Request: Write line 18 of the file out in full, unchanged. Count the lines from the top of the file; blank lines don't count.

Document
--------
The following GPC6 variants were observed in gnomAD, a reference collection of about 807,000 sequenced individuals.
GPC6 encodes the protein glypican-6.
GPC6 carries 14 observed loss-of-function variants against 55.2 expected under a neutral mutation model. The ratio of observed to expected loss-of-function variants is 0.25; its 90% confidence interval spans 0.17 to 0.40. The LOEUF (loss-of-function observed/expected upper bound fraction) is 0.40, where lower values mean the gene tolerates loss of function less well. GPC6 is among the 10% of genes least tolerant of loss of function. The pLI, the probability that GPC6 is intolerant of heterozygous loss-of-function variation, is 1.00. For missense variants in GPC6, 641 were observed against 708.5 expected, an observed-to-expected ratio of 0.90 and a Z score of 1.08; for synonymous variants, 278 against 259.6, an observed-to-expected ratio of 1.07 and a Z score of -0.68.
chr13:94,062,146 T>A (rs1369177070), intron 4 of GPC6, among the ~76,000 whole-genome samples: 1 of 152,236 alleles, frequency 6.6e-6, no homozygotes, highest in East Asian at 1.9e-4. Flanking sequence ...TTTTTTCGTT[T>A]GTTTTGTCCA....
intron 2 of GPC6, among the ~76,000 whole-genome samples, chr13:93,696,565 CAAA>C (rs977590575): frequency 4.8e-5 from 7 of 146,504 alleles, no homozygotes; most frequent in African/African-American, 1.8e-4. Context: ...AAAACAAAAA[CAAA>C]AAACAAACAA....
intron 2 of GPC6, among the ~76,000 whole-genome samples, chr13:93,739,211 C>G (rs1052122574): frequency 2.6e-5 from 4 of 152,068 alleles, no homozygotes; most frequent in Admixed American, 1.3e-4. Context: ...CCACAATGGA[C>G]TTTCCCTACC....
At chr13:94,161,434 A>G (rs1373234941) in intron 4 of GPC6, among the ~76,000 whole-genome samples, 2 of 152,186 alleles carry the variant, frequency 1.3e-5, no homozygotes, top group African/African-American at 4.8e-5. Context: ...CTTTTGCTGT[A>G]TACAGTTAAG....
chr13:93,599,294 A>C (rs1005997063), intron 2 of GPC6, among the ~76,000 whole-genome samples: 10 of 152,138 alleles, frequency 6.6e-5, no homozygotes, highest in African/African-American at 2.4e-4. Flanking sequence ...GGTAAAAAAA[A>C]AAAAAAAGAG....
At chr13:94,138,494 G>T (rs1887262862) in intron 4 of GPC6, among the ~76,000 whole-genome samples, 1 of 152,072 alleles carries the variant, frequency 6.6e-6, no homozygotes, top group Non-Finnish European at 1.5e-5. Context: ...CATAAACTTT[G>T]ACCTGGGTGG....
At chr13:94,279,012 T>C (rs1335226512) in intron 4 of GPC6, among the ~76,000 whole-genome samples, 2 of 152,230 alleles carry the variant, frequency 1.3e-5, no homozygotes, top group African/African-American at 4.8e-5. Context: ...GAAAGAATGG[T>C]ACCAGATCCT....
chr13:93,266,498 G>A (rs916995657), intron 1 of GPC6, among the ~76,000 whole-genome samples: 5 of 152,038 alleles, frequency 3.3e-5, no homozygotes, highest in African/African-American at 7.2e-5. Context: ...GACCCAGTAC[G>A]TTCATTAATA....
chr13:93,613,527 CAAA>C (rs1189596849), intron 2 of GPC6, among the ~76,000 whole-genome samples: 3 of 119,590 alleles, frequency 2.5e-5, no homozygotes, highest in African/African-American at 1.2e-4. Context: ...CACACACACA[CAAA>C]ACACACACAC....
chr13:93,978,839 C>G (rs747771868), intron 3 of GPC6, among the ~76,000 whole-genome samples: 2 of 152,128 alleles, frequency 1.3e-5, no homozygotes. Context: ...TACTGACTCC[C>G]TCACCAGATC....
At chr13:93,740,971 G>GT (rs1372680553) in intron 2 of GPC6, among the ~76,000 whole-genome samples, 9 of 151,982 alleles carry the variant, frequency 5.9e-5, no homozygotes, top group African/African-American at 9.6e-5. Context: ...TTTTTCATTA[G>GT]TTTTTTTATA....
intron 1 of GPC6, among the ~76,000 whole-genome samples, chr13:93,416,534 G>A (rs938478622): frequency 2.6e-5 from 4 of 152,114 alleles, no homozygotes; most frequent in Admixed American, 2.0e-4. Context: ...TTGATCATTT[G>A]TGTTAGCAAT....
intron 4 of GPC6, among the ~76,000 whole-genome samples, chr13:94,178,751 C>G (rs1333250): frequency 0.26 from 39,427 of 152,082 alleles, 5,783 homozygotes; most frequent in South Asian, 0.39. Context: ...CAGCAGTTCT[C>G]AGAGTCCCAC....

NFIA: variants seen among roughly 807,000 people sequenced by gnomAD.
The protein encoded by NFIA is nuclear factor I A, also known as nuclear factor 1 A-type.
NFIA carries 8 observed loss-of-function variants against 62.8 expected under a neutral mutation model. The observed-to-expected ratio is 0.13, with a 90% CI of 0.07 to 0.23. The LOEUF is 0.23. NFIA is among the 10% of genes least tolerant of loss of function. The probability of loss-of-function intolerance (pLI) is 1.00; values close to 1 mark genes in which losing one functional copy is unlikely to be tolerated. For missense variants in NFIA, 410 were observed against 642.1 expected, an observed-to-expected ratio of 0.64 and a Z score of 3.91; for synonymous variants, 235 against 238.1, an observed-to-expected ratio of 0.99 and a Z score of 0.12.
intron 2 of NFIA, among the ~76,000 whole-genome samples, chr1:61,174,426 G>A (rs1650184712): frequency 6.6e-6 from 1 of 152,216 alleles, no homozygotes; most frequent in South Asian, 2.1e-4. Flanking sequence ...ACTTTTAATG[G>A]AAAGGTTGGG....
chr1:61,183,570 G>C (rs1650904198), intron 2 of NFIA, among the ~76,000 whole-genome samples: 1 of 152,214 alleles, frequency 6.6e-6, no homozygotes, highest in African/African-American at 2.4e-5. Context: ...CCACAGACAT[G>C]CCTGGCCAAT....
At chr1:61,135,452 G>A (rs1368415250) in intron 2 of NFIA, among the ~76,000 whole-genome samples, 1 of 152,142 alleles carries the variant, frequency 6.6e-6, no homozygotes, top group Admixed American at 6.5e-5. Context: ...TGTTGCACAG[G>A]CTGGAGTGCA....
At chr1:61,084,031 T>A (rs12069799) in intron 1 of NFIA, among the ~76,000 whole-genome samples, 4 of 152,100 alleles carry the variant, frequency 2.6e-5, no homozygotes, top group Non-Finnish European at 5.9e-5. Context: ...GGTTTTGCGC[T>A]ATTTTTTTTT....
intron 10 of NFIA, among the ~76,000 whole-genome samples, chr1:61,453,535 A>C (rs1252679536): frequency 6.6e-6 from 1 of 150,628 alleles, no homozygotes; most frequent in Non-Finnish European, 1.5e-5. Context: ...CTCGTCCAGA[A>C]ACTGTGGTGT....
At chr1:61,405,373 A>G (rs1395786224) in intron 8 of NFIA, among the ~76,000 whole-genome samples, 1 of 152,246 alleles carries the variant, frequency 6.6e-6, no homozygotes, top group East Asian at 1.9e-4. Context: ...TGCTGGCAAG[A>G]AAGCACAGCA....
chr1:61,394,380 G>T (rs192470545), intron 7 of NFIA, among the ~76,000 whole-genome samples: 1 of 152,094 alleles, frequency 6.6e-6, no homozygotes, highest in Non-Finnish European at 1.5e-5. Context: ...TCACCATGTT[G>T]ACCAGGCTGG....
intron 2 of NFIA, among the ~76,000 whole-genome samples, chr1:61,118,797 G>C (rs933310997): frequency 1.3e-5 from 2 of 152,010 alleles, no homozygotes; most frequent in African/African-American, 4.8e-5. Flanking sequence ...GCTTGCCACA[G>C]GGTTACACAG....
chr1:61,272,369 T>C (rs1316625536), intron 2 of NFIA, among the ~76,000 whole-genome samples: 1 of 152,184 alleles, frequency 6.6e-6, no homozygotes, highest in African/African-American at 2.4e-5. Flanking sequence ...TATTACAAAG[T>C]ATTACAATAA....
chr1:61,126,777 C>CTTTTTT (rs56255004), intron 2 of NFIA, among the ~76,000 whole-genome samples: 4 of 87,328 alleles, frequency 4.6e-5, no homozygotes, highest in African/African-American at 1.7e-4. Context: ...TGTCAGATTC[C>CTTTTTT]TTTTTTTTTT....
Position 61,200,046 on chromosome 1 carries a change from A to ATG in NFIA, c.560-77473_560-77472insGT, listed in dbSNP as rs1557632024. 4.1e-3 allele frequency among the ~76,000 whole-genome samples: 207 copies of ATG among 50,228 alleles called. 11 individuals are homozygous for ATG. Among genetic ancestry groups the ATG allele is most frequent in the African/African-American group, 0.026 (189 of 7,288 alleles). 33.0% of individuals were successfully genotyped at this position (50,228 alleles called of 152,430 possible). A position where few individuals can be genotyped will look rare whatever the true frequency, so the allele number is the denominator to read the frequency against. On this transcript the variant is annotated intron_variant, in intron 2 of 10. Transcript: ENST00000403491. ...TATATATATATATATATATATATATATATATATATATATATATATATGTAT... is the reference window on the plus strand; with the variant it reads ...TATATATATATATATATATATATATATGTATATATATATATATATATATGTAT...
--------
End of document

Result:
The protein encoded by NFIA is nuclear factor I A, also known as nuclear factor 1 A-type.